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Q. I have a son with peanut allergies. I’ve heard about new treatments for food allergies that are on the horizon. How do oral immunotherapy and peanut patch therapy work, and what’s their potential in terms of effectively treating food allergy? What are side effects or concerns about these treatments parents should be aware of?

A. Right now it is a very exciting time in the field of food allergy because there are a lot of studies looking at these potential treatments.

Oral immunotherapy involves slowly increasing a patient’s exposure to the food allergen in question – for your son it would be peanut – starting at very low doses and slowly increasing up to a target dose.

What researchers have found is that by building up peanut exposure slowly, we can desensitize the child to pretty high doses of peanut protein. There is a range of peanut doses different studies have targeted. Some studies aim for protection from accidental exposure, such as when a peanut-allergic child inadvertently eats one peanut. Other studies aim to go much higher, where the child can actually ingest multiple peanuts and experience minimal or no reactions.

The peanut patch is a different approach in that the application of the allergen dose is via the skin. There are immune cells in the skin and we believe that by exposing those skin allergy cells, we can desensitize them and make the body more accepting to peanut.

Rather than an escalating dose over time, the peanut patch is one dose and it’s applied on a daily basis. Recent studies have shown it has been able to achieve certain levels of desensitization – not quite as robust as what is seen in oral immunotherapy, but some protection nonetheless, especially for accidental exposures – which may be sufficient in terms of what parents want for their child.

Oral immunotherapy and the peanut patch are not FDA approved — meaning they are not currently available to the general public. But keep an eye out for these treatments and talk with a board-certified allergist if you think they might help.

In any medical therapy, we have to consider not only what the effectiveness might be but also what the safety profile would be, and that’s an important factor when considering what treatment options a patient might consider.

For oral immunotherapy, side effects are fairly common. Some are mild and can include skin rashes and stomach discomfort, while others are serious and may require the use of an epinephrine auto-injector. Oral immunotherapy side effects often happen during the low-dose phase when patients first start the build-up process. Side effects do tend to become less frequent as treatment continues.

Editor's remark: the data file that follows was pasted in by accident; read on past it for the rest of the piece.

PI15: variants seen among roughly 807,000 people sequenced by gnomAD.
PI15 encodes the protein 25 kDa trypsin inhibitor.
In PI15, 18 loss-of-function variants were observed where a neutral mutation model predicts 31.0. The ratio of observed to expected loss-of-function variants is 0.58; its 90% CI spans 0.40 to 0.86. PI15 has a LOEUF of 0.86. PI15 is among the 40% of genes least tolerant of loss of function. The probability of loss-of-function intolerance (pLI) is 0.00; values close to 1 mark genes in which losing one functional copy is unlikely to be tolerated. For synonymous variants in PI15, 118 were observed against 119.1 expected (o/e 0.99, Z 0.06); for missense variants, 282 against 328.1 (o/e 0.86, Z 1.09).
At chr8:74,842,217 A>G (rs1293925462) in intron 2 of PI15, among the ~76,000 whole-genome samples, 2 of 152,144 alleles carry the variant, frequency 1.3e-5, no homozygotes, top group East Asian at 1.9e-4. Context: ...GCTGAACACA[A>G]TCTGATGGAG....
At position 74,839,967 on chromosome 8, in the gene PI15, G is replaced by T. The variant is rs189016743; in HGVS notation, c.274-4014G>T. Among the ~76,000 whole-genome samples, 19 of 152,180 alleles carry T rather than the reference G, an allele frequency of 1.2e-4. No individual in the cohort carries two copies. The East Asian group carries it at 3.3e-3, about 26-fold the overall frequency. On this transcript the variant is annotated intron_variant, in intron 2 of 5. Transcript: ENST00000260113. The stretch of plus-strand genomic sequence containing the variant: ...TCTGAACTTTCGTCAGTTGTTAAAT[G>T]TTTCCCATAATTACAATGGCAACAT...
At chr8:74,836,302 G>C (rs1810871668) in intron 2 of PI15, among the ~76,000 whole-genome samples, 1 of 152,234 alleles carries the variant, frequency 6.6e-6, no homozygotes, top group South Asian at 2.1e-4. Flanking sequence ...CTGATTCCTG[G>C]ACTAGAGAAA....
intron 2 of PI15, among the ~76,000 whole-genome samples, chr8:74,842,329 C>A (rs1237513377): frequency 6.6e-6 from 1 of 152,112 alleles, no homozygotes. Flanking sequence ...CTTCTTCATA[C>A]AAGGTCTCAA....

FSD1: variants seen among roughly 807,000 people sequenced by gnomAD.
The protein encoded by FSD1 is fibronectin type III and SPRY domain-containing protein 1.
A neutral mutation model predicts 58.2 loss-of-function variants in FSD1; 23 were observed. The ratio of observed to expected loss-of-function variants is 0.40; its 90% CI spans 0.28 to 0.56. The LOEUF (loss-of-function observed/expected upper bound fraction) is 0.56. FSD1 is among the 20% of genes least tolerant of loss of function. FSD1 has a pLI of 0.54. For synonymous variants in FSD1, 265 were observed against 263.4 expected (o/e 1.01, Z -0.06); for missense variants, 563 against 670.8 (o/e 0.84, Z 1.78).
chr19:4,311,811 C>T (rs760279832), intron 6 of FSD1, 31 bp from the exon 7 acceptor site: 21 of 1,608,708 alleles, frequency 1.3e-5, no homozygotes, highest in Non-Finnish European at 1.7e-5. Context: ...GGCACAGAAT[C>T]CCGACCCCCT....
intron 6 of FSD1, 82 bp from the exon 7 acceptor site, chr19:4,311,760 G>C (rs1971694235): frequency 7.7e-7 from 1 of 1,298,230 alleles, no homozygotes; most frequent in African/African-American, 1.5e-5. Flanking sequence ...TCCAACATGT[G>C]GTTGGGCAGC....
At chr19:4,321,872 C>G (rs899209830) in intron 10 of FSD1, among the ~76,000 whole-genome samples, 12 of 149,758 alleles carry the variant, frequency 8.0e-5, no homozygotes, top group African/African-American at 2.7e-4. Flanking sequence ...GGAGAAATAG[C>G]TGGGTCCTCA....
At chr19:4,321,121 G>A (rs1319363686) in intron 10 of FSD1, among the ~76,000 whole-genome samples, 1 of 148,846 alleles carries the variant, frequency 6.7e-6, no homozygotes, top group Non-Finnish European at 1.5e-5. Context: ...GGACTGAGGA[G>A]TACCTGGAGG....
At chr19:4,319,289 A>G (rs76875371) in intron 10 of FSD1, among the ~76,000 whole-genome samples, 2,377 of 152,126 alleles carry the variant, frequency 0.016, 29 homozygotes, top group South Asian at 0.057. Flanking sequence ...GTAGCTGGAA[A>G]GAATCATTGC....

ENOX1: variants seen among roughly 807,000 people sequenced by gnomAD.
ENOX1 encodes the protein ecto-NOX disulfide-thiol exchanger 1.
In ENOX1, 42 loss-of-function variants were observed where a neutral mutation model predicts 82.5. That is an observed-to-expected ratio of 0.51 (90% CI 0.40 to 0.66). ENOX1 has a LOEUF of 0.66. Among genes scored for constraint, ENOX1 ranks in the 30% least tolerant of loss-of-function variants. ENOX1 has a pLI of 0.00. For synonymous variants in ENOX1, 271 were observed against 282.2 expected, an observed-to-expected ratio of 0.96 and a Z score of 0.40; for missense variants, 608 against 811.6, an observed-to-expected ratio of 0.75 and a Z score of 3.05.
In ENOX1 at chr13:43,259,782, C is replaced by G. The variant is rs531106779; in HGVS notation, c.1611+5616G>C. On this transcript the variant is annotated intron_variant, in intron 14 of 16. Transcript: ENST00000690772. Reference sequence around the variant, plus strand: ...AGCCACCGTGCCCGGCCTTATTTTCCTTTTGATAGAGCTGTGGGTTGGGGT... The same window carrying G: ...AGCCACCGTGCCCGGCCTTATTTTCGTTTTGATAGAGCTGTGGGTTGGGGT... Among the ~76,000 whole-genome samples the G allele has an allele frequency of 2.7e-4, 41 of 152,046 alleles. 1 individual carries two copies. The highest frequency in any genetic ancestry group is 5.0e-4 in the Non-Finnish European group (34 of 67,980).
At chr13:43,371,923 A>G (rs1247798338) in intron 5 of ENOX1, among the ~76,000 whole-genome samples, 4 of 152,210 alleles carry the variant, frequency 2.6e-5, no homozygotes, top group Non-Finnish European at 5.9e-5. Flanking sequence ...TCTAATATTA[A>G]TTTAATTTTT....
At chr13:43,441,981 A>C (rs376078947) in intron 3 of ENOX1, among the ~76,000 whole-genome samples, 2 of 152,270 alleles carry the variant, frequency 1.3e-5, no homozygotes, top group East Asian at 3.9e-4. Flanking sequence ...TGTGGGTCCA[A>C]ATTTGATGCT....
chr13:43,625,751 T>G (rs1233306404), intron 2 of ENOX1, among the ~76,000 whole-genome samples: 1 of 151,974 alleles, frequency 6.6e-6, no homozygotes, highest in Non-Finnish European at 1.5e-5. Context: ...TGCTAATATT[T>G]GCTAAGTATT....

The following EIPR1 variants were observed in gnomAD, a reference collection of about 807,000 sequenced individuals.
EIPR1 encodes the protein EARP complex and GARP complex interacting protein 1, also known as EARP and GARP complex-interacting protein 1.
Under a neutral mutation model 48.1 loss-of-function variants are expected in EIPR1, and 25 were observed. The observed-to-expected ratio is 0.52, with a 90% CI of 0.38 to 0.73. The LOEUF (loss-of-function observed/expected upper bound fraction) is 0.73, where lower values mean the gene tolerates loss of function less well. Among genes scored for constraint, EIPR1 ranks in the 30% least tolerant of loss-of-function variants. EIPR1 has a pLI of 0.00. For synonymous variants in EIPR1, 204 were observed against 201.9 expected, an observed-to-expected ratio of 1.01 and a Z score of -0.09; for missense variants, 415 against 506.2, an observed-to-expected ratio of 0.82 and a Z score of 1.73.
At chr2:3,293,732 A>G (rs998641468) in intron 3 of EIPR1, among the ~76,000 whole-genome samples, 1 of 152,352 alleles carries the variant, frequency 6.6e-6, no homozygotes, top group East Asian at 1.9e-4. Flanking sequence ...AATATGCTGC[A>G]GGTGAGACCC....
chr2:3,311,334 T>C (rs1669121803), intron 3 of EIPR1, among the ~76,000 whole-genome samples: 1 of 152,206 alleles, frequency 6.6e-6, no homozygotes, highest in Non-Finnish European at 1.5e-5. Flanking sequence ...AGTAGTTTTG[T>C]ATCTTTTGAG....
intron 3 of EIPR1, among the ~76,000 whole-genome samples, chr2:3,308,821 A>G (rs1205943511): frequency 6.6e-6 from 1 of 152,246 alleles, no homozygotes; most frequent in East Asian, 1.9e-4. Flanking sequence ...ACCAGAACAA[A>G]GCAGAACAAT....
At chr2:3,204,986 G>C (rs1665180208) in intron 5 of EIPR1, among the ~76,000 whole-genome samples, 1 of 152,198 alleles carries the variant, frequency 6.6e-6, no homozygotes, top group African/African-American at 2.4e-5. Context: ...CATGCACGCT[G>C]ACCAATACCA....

We have seen people drop out of oral immunotherapy studies because the side effects are intolerable, so this is an important factor to consider.

While the overall effectiveness of the peanut patch is not quite as robust as compared to oral immunotherapy, there is a better safety profile. Many people do experience some side effects such as skin rashes, but those are usually localized to where the patch is administered on the skin and symptoms are generally very mild.

Since there are currently no FDA-approved oral immunotherapy and peanut patch treatments for peanut allergy, a better understanding of the risk-versus-benefit ratios will ultimately guide healthcare providers in determining the best options for your child once these treatments are available.

Q. Within the last month I've had four allergic reactions that are limited to my lips, skin around the lips, and chin. The area becomes inflamed, chapped, cracked, painful, and itchy. No other area is affected. I couldn't figure out what was causing it because I was eating different foods each time it happened. I started doing some research, and I was looking up common fruit allergies, since I eat a lot of fruit. Lately (in the past 5 months) I've been eating a lot of mangoes. I came across an article about mango allergy and the symptoms fit pretty well with what I’ve experienced. However, my allergic reaction does not happen immediately when I eat the mangoes. This last time, I had eaten a mango the day before. The same is true for the other occasions; I had a mango either a day or two before the reaction happened. Is it possible that the mango is causing my reaction a day later? I have a rash right now, and it has lasted three days. It's easy enough to quit mangoes, but I'd really like to know the cause.